Power Chord Stylings

This is a basic lesson on Power Chord Stylings, which will help you produce good power chord runs when writing a song.

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This is a basic lesson on Power Chord Stylings, which will help you produce good power chord runs when writing a song.

1: Keep The Position!

This is the easiest and most common technique. It is used in songs like the chorus of Rockstar (Nickelback). It is just keeping your fingers the same distance apart, but changing what frets they're on. Eg:
-----------9-10-7-5----
-----------7-8--5-3----
-----------------------
-----------------------
-3-4-5-7---------------
-1-2-3-5---------------
You can experiment on diffrent strings and frets.

2: In And Out I:

This is what I use when I write more heavy songs. It's just starting at one fret, then going to a higher fretted power chord, then a power chord that is somewhere in the middle. The next example I used in one of my songs.
--------------------------------
--------------------------------
--------------------------------
--------------------------------
--3-5-4-1-0-2-1--3-5-4-1-7-9-8--
--3-5-4-1-0-2-1--3-5-4-1-7-9-8--
It can also have a wider range of fret space, like:
---------------------------------
---------------------------------
---------------------------------
---------------------------------
-3-7-5-1-5-9-7-3-7-11-9-5--------
-3-7-5-1-5-9-7-3-7-11-9-5--------

3:up And Down

If you listen to T.N.T by AC/DC, at the end, you will hear sort of like a scale of power chords. Well, this is one of the easiest power chord techniques. All you do is go up for a rise in pitch, or down for a decrease in pitch on the fretboard. Eg:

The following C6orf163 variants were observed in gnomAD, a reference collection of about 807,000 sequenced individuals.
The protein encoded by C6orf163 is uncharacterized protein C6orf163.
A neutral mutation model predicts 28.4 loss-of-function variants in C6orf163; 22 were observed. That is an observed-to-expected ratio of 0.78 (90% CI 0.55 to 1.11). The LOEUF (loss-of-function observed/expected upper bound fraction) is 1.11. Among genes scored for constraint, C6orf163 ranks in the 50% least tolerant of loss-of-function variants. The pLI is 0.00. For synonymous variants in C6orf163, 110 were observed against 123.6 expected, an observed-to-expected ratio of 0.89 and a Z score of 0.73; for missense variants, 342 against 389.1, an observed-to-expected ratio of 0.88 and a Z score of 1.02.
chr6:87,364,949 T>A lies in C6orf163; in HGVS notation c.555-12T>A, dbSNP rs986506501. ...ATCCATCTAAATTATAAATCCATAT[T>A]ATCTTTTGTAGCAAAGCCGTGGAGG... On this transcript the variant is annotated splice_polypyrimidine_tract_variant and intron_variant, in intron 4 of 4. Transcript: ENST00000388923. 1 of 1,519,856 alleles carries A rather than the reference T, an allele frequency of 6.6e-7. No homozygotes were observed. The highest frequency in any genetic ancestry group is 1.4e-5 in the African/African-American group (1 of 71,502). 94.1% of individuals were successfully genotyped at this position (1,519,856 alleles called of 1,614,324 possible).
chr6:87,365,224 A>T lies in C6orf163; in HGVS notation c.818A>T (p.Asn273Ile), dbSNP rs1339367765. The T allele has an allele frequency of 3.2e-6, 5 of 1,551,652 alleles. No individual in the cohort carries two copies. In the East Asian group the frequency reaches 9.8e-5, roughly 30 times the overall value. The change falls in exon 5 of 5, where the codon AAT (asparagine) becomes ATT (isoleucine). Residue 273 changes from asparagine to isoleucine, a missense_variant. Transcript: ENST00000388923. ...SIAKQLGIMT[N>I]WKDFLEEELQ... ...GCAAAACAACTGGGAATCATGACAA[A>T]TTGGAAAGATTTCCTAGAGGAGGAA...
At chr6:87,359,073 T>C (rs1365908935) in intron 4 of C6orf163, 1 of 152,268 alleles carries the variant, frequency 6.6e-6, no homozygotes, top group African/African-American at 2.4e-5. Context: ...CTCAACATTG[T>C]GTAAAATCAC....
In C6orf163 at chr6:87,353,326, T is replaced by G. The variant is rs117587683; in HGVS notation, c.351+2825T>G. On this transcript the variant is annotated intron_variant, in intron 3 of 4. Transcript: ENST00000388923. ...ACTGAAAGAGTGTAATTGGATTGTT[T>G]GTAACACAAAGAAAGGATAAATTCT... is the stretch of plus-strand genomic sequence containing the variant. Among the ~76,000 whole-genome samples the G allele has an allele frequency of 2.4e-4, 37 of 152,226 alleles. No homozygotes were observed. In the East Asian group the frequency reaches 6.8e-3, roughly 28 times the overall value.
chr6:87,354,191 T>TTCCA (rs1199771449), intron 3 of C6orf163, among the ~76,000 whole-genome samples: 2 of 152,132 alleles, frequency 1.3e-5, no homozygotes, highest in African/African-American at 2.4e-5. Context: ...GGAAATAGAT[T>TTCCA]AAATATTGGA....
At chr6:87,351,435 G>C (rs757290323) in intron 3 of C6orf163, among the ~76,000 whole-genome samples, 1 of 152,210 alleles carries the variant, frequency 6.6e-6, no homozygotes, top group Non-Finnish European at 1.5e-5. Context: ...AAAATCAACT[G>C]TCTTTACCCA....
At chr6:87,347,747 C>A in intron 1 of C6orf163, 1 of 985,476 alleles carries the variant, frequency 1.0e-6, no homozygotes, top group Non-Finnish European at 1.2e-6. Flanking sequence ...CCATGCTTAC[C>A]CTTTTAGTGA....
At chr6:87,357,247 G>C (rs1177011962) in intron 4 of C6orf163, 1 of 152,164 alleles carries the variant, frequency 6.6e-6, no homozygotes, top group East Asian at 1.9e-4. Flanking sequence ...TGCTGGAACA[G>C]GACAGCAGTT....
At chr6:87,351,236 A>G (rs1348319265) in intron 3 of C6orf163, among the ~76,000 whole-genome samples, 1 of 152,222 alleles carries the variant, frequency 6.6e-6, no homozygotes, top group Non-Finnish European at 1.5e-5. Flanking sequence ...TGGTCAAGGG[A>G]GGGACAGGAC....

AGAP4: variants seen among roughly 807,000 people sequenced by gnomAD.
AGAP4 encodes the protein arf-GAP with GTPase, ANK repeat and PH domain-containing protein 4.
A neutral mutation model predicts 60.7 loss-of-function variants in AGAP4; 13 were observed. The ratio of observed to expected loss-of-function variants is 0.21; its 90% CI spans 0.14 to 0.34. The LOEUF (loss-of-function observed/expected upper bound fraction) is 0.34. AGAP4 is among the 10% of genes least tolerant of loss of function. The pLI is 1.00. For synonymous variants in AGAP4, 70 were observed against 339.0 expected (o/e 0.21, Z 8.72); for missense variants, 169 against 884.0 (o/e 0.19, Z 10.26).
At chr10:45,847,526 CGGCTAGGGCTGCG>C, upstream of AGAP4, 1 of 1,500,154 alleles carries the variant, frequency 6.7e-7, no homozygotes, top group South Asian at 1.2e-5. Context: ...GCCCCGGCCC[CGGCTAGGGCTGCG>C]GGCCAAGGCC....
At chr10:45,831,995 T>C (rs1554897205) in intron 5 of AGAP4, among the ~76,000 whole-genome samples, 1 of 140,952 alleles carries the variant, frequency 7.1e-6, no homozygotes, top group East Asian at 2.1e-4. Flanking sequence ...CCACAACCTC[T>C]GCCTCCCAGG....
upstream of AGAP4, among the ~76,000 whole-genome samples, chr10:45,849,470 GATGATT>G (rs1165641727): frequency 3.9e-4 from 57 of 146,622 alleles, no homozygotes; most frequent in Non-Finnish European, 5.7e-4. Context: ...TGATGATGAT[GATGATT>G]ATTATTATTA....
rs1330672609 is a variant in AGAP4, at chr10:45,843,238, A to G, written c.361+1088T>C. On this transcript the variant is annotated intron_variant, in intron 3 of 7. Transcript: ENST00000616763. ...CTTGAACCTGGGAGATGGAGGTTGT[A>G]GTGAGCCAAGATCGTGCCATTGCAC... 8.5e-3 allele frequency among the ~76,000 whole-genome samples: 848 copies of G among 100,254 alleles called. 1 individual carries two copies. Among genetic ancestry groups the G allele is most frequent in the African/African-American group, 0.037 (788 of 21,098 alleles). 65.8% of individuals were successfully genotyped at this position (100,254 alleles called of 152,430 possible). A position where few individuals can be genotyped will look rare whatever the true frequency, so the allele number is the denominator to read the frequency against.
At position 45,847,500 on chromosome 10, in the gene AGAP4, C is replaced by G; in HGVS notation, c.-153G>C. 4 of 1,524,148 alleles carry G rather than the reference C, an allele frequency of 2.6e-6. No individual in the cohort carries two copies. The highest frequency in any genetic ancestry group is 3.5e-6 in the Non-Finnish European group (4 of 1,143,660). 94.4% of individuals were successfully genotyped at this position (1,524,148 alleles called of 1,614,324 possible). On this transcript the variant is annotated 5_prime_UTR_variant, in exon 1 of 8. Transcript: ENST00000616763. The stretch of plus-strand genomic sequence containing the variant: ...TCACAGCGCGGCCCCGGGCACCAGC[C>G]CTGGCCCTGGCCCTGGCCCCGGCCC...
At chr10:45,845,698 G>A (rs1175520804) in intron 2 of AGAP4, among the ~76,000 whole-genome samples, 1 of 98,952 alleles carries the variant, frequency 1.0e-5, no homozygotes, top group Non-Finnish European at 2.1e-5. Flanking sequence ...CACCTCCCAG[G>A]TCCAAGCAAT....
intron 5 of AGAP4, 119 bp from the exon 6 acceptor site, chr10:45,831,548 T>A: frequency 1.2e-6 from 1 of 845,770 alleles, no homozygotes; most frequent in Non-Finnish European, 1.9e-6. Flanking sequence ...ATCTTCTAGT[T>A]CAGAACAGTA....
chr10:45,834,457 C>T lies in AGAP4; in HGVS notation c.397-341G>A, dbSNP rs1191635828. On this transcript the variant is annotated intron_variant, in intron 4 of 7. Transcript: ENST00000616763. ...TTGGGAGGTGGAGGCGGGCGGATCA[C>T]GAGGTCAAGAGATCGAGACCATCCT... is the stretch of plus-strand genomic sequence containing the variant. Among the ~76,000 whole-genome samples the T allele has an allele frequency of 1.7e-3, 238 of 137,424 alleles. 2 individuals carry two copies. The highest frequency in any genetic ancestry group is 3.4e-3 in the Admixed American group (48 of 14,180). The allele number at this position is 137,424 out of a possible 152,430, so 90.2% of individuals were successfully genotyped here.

-----------------
-----------------
-----------------
-----------------
-2-3-4-5-4-3-2---
-0-1-2-3-2-1-0---
For more of a change in pitch, just skip some frets.
--------------
--------------
--------------
--------------
-2-4-6-8-6-4-2
-0-2-4-6-4-2-0
If you want to combine these two, go ahead!
--------------
--------------
--------------
--------------
-2-4-5-7-6-5-3
-0-2-3-5-4-3-1

4: In And Out II:

This is an In and Out, except going in and out with the strings.
---------2----------
-------2-0-2--------
-----2-0---0-2------
---2-0-------0-2----
-2-0-----------0-2--
-0---------------0--
If you combine this with the up and down...
---------6--------
-------5-4-5------
-----4-3---3-4----
---3-2-------2-3--
-2-1-----------1-2
-0---------------0
And throw in a bit of in and out I...
---------7----------
-------5-5-5--------
-----3-3---3-3------
---4-1-------1-4----
-2-2-----------2-2--
-0---------------0--
And that's it! But, as a bonus, here is a little excersice for you using these techniques. (S=Slide)
---------------9s8-10-9-12-11-----
-----------7---7s8-10-9-12-11-----
-------5---5-8--------------------
---3---3-6---6--------------------
-2-1-4---4------------------------
-0---2----------------------------

7 comments sorted by best / new / date

comments policy
    Ninjamonkey767
    -Blue- wrote: Why isn't the same fret on 2 strings a power chord? It's an octave and its fifth, it's just in reverse order.
    Yeah, that's true. It's not very common though, and I think some more clarification could have been useful.
    The Horror!
    aceofspades10 wrote: Led_Zeppelin992 wrote: UG really is letting in some crappy lessons. and some crappy criticism it's a good beginner lesson, nice job!
    Except, it's really not a good lesson at all
    -Blue- wrote: Why isn't the same fret on 2 strings a power chord? It's an octave and its fifth, it's just in reverse order.
    If the higher note is the root then it's an inverted 5 chord If the bottom note is the root then it's a sus 4 chord w/o the 5
    -Blue-
    Why isn't the same fret on 2 strings a power chord? It's an octave and its fifth, it's just in reverse order.
    Ninjamonkey767
    And to add, the examples where you play the same fret on two strings is NOT a power chord, but something completely different. You also forgot to mention the octave, which is very common practice by those playing power chords. Power chord without octave: e- B- G- D- A-2 E-0 Power chord with octave: e- B- G- D-2 A-2 E-0
    aceofspades10
    Led_Zeppelin992 wrote: UG really is letting in some crappy lessons.
    and some crappy criticism it's a good beginner lesson, nice job!
    Ninjamonkey767
    You forgot to take into account the tuning difference between G and B. In the last example, you have 5th fret on the G, and 7th on the B. The fret on the B string must be moved up one fret, otherwise you have a tritone, "the devils note".